For the most part, Japanese Americans remained stoic in the face of their incarceration. The phrase shikata ga nai was frequently invoked — the phrase roughly translates to "it cannot be helped," which, for many, represents the perceived attitude of the Japanese people to withstand suffering that's out of their control.

Initially, most Japanese Americans were sent to temporary assembly centers, typically located at fairgrounds or racetracks. These were hastily constructed barracks, where prisoners were often packed into tight quarters and made to use toilets that were little more than pits in the ground. From here, they were relocated to more permanent camps — replete with barbed wire and armed guards — in remote, isolated places across the seven states of California, Arizona, Colorado, Wyoming, Idaho, Utah, and Arkansas.

Many of these camps, also known as War Relocation Centers, were little better than the temporary assembly centers. One report described the buildings as "tar paper-covered barracks of simple frame construction without plumbing or cooking facilities of any kind." Again, overcrowding was common.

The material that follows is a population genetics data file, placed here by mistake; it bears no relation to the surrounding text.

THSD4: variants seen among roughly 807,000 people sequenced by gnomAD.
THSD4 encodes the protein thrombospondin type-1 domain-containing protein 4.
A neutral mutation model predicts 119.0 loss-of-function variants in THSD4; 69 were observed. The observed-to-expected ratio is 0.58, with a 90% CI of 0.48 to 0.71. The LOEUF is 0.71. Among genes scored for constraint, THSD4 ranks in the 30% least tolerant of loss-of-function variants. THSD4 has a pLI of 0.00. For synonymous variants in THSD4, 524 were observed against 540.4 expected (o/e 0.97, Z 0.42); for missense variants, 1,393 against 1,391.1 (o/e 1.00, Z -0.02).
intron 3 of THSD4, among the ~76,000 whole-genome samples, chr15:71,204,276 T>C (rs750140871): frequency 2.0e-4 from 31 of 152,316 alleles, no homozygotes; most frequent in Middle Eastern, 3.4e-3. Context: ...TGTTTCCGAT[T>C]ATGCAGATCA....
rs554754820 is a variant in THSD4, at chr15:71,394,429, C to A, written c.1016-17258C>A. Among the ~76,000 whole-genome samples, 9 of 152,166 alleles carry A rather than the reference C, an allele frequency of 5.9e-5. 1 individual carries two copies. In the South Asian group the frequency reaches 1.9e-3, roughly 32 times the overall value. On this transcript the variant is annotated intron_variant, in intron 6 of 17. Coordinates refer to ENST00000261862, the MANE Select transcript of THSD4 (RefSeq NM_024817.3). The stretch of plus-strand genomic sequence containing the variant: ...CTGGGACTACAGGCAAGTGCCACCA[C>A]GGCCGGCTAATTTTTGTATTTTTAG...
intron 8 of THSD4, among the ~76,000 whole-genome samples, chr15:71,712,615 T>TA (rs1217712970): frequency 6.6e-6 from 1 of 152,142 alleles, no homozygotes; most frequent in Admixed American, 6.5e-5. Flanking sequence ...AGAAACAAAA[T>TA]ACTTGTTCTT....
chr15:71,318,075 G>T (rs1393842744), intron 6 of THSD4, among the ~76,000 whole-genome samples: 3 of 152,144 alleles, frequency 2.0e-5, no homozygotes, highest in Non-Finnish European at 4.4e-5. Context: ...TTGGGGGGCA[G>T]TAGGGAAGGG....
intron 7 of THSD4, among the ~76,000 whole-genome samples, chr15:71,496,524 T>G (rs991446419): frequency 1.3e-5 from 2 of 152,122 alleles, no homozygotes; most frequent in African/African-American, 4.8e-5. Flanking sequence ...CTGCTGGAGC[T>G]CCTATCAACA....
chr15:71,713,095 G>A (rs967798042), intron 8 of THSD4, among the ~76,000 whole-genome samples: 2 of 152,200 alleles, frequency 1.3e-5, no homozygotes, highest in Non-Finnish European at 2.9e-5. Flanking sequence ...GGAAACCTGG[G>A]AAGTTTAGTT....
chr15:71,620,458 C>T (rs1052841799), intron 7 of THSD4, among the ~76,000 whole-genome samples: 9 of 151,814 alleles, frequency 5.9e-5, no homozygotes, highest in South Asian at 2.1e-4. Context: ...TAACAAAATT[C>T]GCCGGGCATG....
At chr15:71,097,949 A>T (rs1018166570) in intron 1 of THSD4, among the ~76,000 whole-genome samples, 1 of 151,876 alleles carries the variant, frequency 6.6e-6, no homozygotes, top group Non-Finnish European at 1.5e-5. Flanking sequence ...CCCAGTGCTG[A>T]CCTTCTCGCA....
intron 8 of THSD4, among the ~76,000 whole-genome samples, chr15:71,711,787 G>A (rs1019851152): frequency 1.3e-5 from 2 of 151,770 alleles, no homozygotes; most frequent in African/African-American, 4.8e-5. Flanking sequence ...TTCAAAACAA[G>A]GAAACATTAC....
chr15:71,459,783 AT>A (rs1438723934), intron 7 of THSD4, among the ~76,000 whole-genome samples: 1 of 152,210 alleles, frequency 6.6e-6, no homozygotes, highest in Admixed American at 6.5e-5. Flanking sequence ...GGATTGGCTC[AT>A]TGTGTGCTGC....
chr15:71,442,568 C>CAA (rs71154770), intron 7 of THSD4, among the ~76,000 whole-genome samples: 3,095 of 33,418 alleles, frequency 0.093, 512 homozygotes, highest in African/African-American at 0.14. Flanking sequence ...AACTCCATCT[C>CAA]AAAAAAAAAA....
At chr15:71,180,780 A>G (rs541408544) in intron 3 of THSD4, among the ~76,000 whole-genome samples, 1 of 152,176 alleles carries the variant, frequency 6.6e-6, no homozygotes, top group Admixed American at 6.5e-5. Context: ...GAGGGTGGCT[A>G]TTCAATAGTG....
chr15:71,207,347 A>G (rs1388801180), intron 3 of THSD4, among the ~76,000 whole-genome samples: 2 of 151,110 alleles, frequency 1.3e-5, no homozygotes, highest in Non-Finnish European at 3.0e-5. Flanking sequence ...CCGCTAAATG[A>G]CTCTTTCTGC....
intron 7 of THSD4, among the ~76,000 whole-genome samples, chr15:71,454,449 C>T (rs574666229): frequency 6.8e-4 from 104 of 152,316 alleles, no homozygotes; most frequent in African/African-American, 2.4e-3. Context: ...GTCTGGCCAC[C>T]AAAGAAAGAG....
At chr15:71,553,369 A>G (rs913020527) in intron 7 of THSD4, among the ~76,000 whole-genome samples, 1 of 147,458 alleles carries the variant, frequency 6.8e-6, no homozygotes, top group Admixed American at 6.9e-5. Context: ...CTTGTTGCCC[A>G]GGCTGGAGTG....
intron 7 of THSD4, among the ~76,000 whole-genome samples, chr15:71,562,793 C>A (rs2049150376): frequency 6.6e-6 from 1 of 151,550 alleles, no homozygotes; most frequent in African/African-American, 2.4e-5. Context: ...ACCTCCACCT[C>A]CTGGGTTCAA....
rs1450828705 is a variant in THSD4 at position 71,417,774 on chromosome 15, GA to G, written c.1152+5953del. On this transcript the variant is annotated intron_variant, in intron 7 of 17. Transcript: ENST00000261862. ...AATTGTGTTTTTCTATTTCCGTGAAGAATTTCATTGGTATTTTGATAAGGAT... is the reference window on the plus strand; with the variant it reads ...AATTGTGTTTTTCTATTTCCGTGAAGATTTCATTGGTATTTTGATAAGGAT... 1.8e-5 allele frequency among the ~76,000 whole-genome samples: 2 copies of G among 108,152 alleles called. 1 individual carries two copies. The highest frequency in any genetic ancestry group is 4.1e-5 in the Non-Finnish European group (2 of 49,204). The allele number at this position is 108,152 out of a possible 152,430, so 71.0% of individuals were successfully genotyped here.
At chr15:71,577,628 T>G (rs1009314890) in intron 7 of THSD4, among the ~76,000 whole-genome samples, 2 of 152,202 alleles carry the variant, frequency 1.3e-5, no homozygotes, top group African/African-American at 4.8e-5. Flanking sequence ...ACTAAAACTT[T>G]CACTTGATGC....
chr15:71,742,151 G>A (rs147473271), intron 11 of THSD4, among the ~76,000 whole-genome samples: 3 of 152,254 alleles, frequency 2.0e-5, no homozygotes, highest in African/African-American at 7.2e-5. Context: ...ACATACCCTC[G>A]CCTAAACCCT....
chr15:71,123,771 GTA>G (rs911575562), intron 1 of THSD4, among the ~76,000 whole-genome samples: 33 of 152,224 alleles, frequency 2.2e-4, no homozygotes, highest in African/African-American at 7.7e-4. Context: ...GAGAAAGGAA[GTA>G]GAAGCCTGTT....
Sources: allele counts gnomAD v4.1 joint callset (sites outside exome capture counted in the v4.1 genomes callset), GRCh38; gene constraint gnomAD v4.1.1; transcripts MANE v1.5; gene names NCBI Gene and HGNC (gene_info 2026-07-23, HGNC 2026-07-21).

As a result, disease became a major concern, including dysentery, malaria, and tuberculosis. This was problematic due to the chronic shortage of medical professionals and supplies, an issue that was not helped by the War Relocation Authority's decision to cap Japanese American medical professional's pay at $20 a month (about $315 in 2019 dollars), while Caucasian workers had no such restriction. As a comparison, Caucasian nurses earned $150 ($2,361) a month in one camp.